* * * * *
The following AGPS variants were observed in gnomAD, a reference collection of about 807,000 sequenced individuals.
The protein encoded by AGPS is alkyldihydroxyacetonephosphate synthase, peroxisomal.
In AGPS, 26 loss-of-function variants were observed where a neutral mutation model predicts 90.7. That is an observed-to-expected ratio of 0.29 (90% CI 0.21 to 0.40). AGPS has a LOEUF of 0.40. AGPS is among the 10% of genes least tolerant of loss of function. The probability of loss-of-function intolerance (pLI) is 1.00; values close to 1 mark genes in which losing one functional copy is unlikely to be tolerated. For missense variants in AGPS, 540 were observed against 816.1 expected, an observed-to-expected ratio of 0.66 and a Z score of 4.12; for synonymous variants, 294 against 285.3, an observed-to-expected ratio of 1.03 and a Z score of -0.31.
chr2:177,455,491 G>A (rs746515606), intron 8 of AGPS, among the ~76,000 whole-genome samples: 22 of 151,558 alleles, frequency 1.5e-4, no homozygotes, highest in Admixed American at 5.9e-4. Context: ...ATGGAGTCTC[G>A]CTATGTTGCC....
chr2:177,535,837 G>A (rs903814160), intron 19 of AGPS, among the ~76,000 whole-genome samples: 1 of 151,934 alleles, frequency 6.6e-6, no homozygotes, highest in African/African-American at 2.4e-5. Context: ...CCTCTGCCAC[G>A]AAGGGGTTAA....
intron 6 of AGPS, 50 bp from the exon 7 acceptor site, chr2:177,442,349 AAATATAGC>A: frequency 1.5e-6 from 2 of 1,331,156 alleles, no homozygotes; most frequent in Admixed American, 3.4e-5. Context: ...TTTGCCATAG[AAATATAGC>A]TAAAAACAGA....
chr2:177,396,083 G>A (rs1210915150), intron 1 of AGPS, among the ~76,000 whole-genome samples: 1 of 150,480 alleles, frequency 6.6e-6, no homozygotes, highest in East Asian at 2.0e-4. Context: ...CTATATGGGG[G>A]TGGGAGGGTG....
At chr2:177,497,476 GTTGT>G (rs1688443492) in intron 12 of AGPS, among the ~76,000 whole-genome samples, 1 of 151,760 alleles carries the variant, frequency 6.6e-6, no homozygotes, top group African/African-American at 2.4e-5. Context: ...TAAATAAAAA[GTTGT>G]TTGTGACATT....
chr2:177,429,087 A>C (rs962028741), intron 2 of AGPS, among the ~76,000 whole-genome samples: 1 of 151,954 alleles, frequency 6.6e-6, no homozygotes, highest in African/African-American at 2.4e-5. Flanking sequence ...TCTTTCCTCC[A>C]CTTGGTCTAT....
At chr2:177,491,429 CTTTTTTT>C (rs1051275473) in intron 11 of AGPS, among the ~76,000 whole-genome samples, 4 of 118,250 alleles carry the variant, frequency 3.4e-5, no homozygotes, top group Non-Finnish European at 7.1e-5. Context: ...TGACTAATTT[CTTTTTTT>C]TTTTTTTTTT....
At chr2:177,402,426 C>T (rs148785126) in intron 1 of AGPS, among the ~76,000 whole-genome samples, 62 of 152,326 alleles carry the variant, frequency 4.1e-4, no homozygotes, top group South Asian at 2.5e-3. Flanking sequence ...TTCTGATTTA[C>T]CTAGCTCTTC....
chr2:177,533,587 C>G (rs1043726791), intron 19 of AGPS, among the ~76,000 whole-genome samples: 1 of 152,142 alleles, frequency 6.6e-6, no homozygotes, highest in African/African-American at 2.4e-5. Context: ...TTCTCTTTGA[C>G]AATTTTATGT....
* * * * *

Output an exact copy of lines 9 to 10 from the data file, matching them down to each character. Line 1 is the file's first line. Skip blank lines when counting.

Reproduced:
chr2:177,429,087 A>C (rs962028741), intron 2 of AGPS, among the ~76,000 whole-genome samples: 1 of 151,954 alleles, frequency 6.6e-6, no homozygotes, highest in African/African-American at 2.4e-5. Flanking sequence ...TCTTTCCTCC[A>C]CTTGGTCTAT....
At chr2:177,491,429 CTTTTTTT>C (rs1051275473) in intron 11 of AGPS, among the ~76,000 whole-genome samples, 4 of 118,250 alleles carry the variant, frequency 3.4e-5, no homozygotes, top group Non-Finnish European at 7.1e-5. Context: ...TGACTAATTT[CTTTTTTT>C]TTTTTTTTTT....